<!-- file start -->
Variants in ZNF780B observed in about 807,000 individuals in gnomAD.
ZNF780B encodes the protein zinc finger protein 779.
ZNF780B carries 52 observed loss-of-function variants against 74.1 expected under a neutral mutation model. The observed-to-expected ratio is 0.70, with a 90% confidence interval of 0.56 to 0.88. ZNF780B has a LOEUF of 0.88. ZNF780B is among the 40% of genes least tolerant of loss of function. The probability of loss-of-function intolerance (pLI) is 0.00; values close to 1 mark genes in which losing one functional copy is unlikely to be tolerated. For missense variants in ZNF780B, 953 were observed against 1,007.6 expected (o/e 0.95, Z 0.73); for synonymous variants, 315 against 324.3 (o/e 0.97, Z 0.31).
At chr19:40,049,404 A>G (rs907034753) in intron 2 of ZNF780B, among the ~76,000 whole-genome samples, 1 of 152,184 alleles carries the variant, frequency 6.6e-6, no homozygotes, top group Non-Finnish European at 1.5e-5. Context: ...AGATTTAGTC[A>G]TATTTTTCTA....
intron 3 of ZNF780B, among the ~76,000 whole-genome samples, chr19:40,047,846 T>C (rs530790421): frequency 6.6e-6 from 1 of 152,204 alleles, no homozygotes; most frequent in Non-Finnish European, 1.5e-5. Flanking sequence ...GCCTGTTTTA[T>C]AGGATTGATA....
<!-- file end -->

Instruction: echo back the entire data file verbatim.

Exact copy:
Variants in ZNF780B observed in about 807,000 individuals in gnomAD.
ZNF780B encodes the protein zinc finger protein 779.
ZNF780B carries 52 observed loss-of-function variants against 74.1 expected under a neutral mutation model. The observed-to-expected ratio is 0.70, with a 90% confidence interval of 0.56 to 0.88. ZNF780B has a LOEUF of 0.88. ZNF780B is among the 40% of genes least tolerant of loss of function. The probability of loss-of-function intolerance (pLI) is 0.00; values close to 1 mark genes in which losing one functional copy is unlikely to be tolerated. For missense variants in ZNF780B, 953 were observed against 1,007.6 expected (o/e 0.95, Z 0.73); for synonymous variants, 315 against 324.3 (o/e 0.97, Z 0.31).
At chr19:40,049,404 A>G (rs907034753) in intron 2 of ZNF780B, among the ~76,000 whole-genome samples, 1 of 152,184 alleles carries the variant, frequency 6.6e-6, no homozygotes, top group Non-Finnish European at 1.5e-5. Context: ...AGATTTAGTC[A>G]TATTTTTCTA....
intron 3 of ZNF780B, among the ~76,000 whole-genome samples, chr19:40,047,846 T>C (rs530790421): frequency 6.6e-6 from 1 of 152,204 alleles, no homozygotes; most frequent in Non-Finnish European, 1.5e-5. Flanking sequence ...GCCTGTTTTA[T>C]AGGATTGATA....